The name of the person in this story struggling with addiction has been changed to protect his identity
Prescription opioids help people deal with pain, but more and more people are abusing them, and some are dying from their addiction. According to the Centers for Disease Control and Prevention, prescription opioids, such as hydrocodone and oxycodone, continue to be involved in more overdose deaths than any other drug. And prescription drug abuse is a key risk factor for heroin addiction.
"Ryan" is a 25-year-old Springfield resident who started abusing prescription drugs at age 14.
"A friend in middle school gave me hydrocodone that they had for, like, a toothache, and using that one night, it was just really enjoyable," Ryan said.
That abuse of prescription opioids eventually led Ryan to heroin, an addiction he currently struggles with.
According to the Centers for Disease Control and Prevention, people who are addicted to prescription opioid painkillers are 40 times more likely to become addicted to heroin.
Data from the CDC show that, from 2000 to 2015, more than half a million people died from drug overdoses, and “overdoses from prescription opioids are a driving factor in the 15-year increase in opioid overdose deaths.”
This begs the question: if prescription drugs are being abused on an increasing basis, what can be done to make sure they don’t get into the wrong hands?
Dr. Jennifer McNay, a physician at Mercy Springfield, said addressing the problem needs to start with the physicians who prescribe opioid medicine.
"Many, many of our patients who end up becoming addicted or having issues with this class of drugs, you know, many start very legitimately with an injury or, you know, a fracture or something that requires pain control," said McNay.
According to McNay, national data show prescription opioids are being and have been overprescribed.
CDC data show that, in 2012, health care providers wrote 259 million prescriptions for opioid pain medication, enough for every adult in the United States to have a bottle of pills.
McNay said upfront training and upfront appropriate prescribing and risk assessment are “a huge piece to try to help us curb this problem.”
Education programs are key, she said, as well as having appropriate guidelines on opioid prescribing in place.
"The CDC's guidelines that have been published. National attention that has been brought to this problem is very helpful to us. There are many educational programs that can give us the background and the tools that we need to make sure we put into our work flows the processes needed to help us," McNay said.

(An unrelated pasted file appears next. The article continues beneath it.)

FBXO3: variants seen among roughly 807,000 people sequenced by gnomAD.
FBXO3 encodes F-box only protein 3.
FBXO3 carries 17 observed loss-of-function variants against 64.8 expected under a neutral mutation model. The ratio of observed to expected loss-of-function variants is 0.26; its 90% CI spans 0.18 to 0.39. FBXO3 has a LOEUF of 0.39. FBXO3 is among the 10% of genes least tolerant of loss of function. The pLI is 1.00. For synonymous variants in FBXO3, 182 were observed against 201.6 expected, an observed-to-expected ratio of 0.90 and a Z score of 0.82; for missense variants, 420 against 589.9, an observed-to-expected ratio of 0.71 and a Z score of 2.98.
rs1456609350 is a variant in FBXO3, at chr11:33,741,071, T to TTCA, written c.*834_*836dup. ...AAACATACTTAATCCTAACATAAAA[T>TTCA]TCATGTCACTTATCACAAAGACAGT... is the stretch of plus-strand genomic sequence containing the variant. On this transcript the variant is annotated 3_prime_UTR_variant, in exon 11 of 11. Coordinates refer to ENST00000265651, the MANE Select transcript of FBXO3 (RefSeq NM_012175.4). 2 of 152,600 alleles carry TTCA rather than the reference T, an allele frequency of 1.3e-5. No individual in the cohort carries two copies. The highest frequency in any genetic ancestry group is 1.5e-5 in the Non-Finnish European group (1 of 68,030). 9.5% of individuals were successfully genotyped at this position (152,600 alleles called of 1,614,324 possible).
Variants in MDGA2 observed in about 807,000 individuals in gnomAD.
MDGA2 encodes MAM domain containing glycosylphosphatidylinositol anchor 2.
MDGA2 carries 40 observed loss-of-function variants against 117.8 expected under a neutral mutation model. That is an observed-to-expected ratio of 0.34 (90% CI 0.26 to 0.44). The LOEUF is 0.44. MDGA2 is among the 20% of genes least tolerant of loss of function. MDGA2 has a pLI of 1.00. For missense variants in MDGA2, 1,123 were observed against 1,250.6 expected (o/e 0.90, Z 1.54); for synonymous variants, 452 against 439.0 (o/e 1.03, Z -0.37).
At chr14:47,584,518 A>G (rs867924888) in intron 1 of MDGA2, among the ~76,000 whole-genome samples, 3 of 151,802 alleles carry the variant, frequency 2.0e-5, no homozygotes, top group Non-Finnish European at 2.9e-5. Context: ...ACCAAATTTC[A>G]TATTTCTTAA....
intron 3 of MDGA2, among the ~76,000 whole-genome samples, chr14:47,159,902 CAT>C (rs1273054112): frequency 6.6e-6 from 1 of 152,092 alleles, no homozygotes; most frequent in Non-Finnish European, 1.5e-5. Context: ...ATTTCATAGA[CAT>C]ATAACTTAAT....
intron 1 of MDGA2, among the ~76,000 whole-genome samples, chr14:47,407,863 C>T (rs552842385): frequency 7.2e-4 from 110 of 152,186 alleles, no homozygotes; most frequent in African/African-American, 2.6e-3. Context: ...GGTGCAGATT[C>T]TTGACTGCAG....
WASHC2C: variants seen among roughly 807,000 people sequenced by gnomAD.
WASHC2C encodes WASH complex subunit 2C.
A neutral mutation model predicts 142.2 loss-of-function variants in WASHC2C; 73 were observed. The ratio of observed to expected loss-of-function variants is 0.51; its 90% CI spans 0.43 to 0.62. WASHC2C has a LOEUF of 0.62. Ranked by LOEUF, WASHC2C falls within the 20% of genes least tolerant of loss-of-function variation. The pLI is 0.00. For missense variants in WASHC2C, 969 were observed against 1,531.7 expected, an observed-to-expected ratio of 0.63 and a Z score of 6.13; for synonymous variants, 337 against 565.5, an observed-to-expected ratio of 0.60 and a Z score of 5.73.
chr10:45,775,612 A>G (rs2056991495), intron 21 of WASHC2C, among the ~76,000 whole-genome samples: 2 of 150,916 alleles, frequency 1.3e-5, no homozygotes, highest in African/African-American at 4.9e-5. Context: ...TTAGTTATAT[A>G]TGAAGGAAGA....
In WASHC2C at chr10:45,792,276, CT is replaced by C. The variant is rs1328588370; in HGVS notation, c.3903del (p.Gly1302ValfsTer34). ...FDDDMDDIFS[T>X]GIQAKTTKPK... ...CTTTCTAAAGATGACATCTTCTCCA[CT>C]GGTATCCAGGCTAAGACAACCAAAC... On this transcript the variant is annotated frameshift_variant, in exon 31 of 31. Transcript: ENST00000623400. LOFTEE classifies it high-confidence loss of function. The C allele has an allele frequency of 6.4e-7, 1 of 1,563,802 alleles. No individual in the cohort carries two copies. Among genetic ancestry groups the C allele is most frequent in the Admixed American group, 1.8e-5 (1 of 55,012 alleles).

The U.S. Surgeon General Vivek Murthey sent a letter to physicians nationwide last August calling on their help “to solve an urgent health crisis facing America: the opioid epidemic.” He urged them to take a pledge to educate themselves to treat pain safely and effectively; to screen patients for opioid use disorder and provide or connect them with evidence-based treatment; and talk about addiction as a chronic illness not a moral failing. And he suggested following the CDC's Opioid Prescribing Guidelines.
At Mercy, McNay said there are risk assessment tools available to help physicians determine which patients might be at risk for abusing prescription drugs.
"Many of these tools are sort of risk assessment calculators that we can use that go through items and symptoms, history and so on of that particular patient's situation and past experience that help us essentially calculate what that patient's risk might be for abherrant behavior with these types of medications," said McNay.
And she said they have a process by which those who prescribe prescription drugs communicate to patients the risks and benefits of opiates and opioids. That’s especially important, she said, for patients who require them for a chronic condition. Drug screenings are sometimes done to make sure patients are using the prescriptions appropriately.
But she realizes that physicians can do all that and still have patients who will have problems.
"When patients go beyond what we feel is safe for them, we have pain clinic professionals who can help us monitor these patients and help us with what is felt to be safe regimens and other, you know, non-medication alternatives for pain control," said McNay.
Dr. Paul Thomlinson, a psychologist and acting president and CEO of Burrell Behavioral Health, addressed Springfield City Council recently, just before a vote to apply for grant money to establish a prescription drug monitoring program. He said Burrell recently instituted a urinary drug testing policy to help the organization track patients on prescription meds.
"So, all of our prescribers, if they're going to keep someone on a controlled substance, we require that they do urinary drug testing," he said.
He looked at data for one month and found that less than 25 percent of those scheduled to be tested showed up. In some cases, a prescription medicine someone is supposed to be taking didn’t show up in the test results, which could mean they’re selling the drugs.
He said that’s just one thing they use to try to keep patients from abusing prescription medicine, but a prescription drug monitoring program would be another useful tool in the prescriber’s toolbox.